I began 2013 in 1862 with Les Misérables. Let’s just say Hugo’s characters and plot drove me crackers and into the arms of the mad and very bad Lady Audley, who also came to the page in 1862. Was it a case of out of the frying pan and into the fire?
I never got to grips with Hugo’s scope, deciding that existence, the world, French history, politics and culture might just cover it and it’s a sensational achievement – it certainly caused a sensation. They were queuing in the streets for it on publication. Braddon’s novel, taking its cue from the same murder case as The Suspicions of Mr Whicher has been tagged the most sensationally sensational of the sensation novels (John Sutherland). Surprisingly the two novels share a significant theme – the class struggle. In both instances the downtrodden working classes are seeking upward mobility and in both cases, the heroine achieves it by marrying a rich man. What does that say for all that bloodshed and revolution? It’s not the way to attain riches in Hugo nor is it the way to retain them in Braddon.
However, the scope of Braddon’s novel is significantly smaller than Hugo’s but at no point did my eyes glaze over due to lack of interest.
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Can Les Misérables be pigeon-holed? Literary fiction tick. Historical and philosophical treatise tick. Romantic fiction tick. Comedy (yes, think Gavroche). Tragedy (Fantine, for sure, but it was Gavroche who made me cry). Fantasy (I don’t think I ever believed in Jean Valjean.) Work of genius tick.
Lady Audley can be easily classified. Sensation novel tick. Crime fiction tick. Feminist call to arms? Let me get back to you on that one.
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All 19th century novels are wordy compared to the 21st century norm. But why tell a story in 300,000 words when you can take 530,982? Yes, I reckon a good 200,000 words could be lopped off Les Misérables without affecting the plot or even its briliance too much. That’s probably why most translations are abridged.
The male narrator of Lady Audley’s Secret is a garrulous pompous so-and-so at times but he never induced in me a wish to throttle him. Sometimes less is more.
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To answer the question I posed earlier. I’m not one for reading 20th or 21st century values into 19th century novels, so I remain unconvinced about the feminist reading of Lady Audley’s Secret, in which Lucy Graham’s amorality is seen as the decisive action of a self-empowered female. Nah, I much prefer her as a selfish, murdering psychopath. I’m pretty sure that if Braddon’s pen had had the license of the 21st century, Lucy Graham’s wickedness would have been much more overt.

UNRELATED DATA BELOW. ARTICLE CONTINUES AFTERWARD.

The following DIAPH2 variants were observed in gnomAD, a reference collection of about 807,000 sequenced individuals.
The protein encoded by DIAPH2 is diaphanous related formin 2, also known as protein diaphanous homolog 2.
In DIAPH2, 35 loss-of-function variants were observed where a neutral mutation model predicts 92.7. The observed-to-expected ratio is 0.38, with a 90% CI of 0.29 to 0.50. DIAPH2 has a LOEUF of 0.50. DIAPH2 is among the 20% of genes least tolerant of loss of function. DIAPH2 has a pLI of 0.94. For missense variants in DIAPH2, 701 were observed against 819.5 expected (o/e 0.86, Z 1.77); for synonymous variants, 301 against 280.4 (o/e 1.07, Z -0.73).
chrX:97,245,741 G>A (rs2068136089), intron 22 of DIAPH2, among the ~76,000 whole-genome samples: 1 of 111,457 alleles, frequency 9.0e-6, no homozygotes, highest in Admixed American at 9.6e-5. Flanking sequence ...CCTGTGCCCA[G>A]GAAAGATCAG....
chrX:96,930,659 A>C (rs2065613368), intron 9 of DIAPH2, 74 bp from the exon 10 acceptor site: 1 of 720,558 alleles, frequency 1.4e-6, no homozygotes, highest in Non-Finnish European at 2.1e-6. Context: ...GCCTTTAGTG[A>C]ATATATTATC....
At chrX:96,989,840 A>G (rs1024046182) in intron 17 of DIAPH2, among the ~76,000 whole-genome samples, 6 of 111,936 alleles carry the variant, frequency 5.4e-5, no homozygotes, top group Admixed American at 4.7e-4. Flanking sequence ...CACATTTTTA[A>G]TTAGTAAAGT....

That said I wish that Hugo could have given Cosette a personality. Biggest disappointment of the book for me. That the girl, who finally made a stand for her relationship with Marius, so quickly reverted to a simpering conventional spineless beauty and effectively deserted the man who had saved her from her dreadful childhood.
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Quality of writing
There were passages of Les Misérables that simply soared; passages that I will quite happily return to when I’m looking for something to marvel at; the Battle of Waterloo; Gavroche and the kidlingtons; the battle at the barricade.
Braddon’s pen never reaches the same heights.
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A strange one this, given that both are acknowledged classics from 1862. By longevity I mean the one that’s going to live longest and most clearly in my mind. Hugo takes this point too. Perhaps all that wordiness and repetition played in his favour after all. I won’t forget the brilliant bits nor will I forget the irritating bits. None of it has faded. It’s four months since I finished and there’s not a week goes by without something bringing Les Misérables back to mind. People tell me that’s the sign of a good book.
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So it is I declare a respectable draw. This is a big surprise to me because I will happily tell you that I hated Les Misérables and loved Lady Audley’s Secret. Which just goes to show – sometimes I shouldn’t believe a word I say!